Sermon for the Fourth Sunday of Epiphany
27th Jan 2019
The Fourth Sunday of Epiphany Year C
He rolled back the scroll, gave it to the assistant and sat down. And all eyes in the synagogue were fixed on him. Then he began to speak to them “Today in your hearing this text has been fulfilled”. Luke 4.21
Our Old Testament and Gospel readings all ‘read into’ one another. The Old Testament Reading (Nehemiah 8.2-6,8-10) and Gospel Reading tell us of the awe and of the wonder associated with sacred scripture. When Jesus reads the text out of the scroll and of bringing ‘Good News to the poor’ he is not speaking as a journalist but as the Messiah, the chosen one. He declares that in him this piece of scripture has been fulfilled. St Luke adds two lovely details, of how he handed back the scroll to the assistant, and of how ‘all eyes were fixed on him’. No wonder! In Jesus, what has been written as sacred now stands before them as the real thing. But there is more. There is the fact of what the Messiah has come to bring : Good News to the poor, liberty to captives, sight to the blind, freedom to the downtrodden. Our second reading from St Paul (1 Corinthians 12.12-31) advances the idea of a church as ‘The Body of Christ’, which though having many parts, is not a disparate community but is actual the physical embodiment of Christ who is for the Church its source of life, its embodiment and its beating heart. It is in this respect that Christ ringing declaration of himself as ‘fulfiller of the past’ is now made present before their eyes as he is present for us in the Church.
Fulfiller of the past,
Christ has no body now but yours
It is important firstly that we understand the age-old importance attached to the written word, and of the importance associated with sacred scripture as containing the ‘proof’ texts for the believing community. That remains true for the great mono theistic religions – Judaism (The Torah) Christianity (The Bible) and Islam (The Koran). All exist as religions of the Book. And the texts that lie within them are deemed sacred, holy and inviolable, even though they come under critical scrutiny and interpretation from theologians and the faithful. And we have examples of how these texts are rendered truly precious in the Book of Kells, and in the beautiful calligraphy that decorates some of the world’s most famous mosques, and of the Jewish Torah still housed in beautifully decorated scrolls of parchment.
In this church, the whole first third of the Mass is taken up with that is called ‘The Ministry of the Word’, at whose heart lies this sermon but more formally our three readings from scripture, which enjoy an ascending hierarchy, from the Old to the New Testament, and then to the Gospel Reading, containing the words of Christ himself. This reading is given greatest importance, having its own organ fanfare, a procession with candles with the Gospel Book held aloft both at the beginning of this service and before the Gospel is read. The Gospel book is censed and alleluyas sung in its presence. In liturgical terms the Gospel reading is designed to emerge out of the Mass like the tolling of a bell. The Gospel is a ringing declaration of God’s purposes, just as it was in that synagogue so long ago. In our Gospel Reading all eyes are ordered to turn toward the Book even as they were turned to Christ in the synagogue. Only now the text from the Gospel reading is to be fulfilled in our presence and in our own life together as Christ’s Body, The Church.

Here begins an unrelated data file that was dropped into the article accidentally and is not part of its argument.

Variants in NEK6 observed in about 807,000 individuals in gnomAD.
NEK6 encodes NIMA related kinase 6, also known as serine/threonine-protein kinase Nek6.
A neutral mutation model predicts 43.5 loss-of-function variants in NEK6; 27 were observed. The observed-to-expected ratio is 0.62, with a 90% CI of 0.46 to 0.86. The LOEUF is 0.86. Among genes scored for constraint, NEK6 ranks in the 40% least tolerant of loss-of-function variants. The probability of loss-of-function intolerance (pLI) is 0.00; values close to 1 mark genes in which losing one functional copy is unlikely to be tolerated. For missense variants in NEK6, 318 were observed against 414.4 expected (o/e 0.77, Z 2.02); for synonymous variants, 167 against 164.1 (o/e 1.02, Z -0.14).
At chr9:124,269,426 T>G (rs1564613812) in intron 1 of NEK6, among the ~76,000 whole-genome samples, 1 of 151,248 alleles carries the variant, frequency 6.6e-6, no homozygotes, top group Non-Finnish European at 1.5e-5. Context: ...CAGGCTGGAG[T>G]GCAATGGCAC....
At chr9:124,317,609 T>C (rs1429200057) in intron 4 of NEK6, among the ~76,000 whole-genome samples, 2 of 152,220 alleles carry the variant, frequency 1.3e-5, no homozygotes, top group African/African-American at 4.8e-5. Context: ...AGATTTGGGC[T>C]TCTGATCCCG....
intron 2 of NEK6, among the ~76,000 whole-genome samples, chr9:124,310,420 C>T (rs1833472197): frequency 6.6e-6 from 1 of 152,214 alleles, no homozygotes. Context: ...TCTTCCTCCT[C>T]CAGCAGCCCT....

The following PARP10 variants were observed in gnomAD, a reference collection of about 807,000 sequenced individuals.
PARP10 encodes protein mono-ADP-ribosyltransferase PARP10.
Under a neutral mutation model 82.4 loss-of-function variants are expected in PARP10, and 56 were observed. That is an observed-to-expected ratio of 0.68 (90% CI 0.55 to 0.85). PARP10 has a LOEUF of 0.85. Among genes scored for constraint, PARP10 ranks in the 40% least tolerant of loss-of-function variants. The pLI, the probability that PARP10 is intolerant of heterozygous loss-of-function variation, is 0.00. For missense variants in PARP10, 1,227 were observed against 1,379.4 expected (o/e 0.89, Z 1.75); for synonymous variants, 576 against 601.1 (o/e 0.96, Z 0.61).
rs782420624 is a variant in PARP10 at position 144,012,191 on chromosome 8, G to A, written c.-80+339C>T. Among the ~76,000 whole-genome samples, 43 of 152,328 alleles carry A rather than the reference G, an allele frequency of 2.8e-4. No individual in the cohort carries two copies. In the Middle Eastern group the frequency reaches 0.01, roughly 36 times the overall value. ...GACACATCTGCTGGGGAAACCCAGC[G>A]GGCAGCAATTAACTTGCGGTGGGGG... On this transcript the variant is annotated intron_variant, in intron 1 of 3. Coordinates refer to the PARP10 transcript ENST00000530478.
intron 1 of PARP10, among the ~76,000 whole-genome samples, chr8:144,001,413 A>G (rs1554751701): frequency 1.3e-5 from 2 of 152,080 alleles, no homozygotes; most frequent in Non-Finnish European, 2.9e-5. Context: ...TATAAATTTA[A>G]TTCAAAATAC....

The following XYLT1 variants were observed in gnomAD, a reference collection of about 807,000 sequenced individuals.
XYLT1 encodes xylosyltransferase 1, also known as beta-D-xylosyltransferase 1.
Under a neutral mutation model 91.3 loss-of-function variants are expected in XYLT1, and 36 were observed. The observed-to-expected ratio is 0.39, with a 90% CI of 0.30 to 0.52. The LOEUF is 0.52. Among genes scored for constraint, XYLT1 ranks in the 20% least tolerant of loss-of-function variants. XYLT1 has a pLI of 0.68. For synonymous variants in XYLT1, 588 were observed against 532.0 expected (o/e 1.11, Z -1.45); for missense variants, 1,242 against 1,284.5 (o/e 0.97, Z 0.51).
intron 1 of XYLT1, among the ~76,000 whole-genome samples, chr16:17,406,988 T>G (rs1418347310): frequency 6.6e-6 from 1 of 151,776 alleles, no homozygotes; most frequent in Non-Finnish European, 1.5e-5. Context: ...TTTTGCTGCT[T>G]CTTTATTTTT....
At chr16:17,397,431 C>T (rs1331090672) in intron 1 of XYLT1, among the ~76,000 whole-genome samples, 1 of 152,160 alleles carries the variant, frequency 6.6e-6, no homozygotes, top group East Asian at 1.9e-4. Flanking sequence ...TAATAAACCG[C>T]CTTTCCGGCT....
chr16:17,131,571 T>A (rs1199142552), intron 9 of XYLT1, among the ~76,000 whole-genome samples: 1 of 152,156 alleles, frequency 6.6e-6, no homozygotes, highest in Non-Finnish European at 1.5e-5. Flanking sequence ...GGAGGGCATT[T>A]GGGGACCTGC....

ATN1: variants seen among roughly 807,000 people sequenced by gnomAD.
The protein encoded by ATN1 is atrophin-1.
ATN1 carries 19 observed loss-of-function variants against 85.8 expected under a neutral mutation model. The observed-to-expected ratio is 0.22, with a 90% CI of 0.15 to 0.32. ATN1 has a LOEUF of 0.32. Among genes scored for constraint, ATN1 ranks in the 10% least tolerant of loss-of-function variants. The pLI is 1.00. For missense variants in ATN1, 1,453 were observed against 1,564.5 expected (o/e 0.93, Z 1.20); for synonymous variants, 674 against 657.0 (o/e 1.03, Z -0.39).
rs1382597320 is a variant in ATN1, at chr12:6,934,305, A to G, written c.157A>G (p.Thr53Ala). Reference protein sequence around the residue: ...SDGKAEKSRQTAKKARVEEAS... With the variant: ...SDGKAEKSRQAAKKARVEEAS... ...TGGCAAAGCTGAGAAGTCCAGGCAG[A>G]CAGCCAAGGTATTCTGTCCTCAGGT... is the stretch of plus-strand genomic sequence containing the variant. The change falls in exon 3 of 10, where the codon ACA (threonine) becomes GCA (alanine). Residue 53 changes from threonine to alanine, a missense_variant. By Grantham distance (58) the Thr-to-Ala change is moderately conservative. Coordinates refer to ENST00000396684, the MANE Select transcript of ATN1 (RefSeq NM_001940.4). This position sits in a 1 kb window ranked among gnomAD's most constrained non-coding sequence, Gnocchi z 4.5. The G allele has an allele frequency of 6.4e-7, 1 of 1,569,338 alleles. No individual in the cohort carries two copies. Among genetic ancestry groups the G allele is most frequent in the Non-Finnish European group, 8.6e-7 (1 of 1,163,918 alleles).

And so this Gospel reading from St Luke takes us in the person of Jesus Christ from TEXT to CONTEXT. The scriptural texts and The Gospel Readings are not there for their beauty and instructional value alone. They are read solemnly and with fanfare because they are to awaken us to the realties that face us in the current time. Scripture texts are there to be ‘fulfilled’ and to be ‘revealed’ as new life.
The Collect for Advent (From The Book of Common Prayer):
Blessed Lord, who hast caused all Holy Scriptures to be written for our learning: Grant that we may in such wise hear them, read, mark, learn, and inwardly digest them, that by patience and comfort of thy holy Word, we may embrace and ever hold fast the blessed hope of everlasting life, which thou hast given us in our Saviour Jesus Christ. Amen.
Do we read the Bible as though it mattered to us and to our lives? The Reading of Scripture has been described as ‘Lectio Divina’ ‘Divine Reading’, but this is not like reading a newspaper or a novel. This is reading as prayer and contemplation, in which words and phrases become infused with the divine. It is through our reading of scripture, and in its ‘inward digesting’ that we become alive to the truth that would both grant us wisdom and at the same time set us free. In such a way, scripture can and has surely been fulfilled in our presence?